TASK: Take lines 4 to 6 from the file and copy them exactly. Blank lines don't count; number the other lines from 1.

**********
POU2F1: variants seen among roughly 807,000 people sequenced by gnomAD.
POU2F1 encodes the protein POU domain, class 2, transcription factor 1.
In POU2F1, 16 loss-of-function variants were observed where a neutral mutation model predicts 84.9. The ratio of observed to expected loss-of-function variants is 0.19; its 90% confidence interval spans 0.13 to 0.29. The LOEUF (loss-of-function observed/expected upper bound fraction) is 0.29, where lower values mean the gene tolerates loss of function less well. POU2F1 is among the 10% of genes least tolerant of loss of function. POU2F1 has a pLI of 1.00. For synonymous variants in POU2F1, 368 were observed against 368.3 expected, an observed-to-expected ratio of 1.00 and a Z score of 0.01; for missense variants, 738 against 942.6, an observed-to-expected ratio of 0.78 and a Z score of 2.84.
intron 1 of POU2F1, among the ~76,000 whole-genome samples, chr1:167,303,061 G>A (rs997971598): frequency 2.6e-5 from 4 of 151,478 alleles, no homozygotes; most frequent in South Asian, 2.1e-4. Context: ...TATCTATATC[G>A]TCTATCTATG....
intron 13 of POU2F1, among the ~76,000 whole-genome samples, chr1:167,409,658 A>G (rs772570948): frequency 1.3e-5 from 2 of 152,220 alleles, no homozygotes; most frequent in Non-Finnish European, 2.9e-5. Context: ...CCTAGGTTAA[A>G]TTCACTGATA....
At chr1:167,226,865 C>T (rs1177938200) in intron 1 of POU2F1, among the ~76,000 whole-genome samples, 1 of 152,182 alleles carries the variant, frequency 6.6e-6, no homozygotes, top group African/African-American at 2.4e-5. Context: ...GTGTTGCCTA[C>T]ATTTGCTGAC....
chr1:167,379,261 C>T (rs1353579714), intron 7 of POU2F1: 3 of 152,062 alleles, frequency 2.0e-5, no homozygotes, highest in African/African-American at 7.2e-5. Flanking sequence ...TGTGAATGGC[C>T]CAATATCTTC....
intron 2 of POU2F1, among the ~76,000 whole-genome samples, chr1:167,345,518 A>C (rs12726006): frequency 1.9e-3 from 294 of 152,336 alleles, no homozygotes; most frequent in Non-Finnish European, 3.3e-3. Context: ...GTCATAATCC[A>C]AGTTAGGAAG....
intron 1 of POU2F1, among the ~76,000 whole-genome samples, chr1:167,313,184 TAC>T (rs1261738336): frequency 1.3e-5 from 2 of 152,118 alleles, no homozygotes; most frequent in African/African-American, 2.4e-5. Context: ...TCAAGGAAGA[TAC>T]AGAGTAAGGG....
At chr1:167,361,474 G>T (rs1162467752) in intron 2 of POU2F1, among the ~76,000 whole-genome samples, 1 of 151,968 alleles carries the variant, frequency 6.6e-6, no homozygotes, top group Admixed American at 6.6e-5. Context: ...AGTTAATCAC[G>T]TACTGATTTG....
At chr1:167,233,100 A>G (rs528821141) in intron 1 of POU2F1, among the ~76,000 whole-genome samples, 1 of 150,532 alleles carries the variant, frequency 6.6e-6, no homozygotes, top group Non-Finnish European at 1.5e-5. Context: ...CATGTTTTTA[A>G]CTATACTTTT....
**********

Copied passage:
intron 1 of POU2F1, among the ~76,000 whole-genome samples, chr1:167,303,061 G>A (rs997971598): frequency 2.6e-5 from 4 of 151,478 alleles, no homozygotes; most frequent in South Asian, 2.1e-4. Context: ...TATCTATATC[G>A]TCTATCTATG....
intron 13 of POU2F1, among the ~76,000 whole-genome samples, chr1:167,409,658 A>G (rs772570948): frequency 1.3e-5 from 2 of 152,220 alleles, no homozygotes; most frequent in Non-Finnish European, 2.9e-5. Context: ...CCTAGGTTAA[A>G]TTCACTGATA....
At chr1:167,226,865 C>T (rs1177938200) in intron 1 of POU2F1, among the ~76,000 whole-genome samples, 1 of 152,182 alleles carries the variant, frequency 6.6e-6, no homozygotes, top group African/African-American at 2.4e-5. Context: ...GTGTTGCCTA[C>T]ATTTGCTGAC....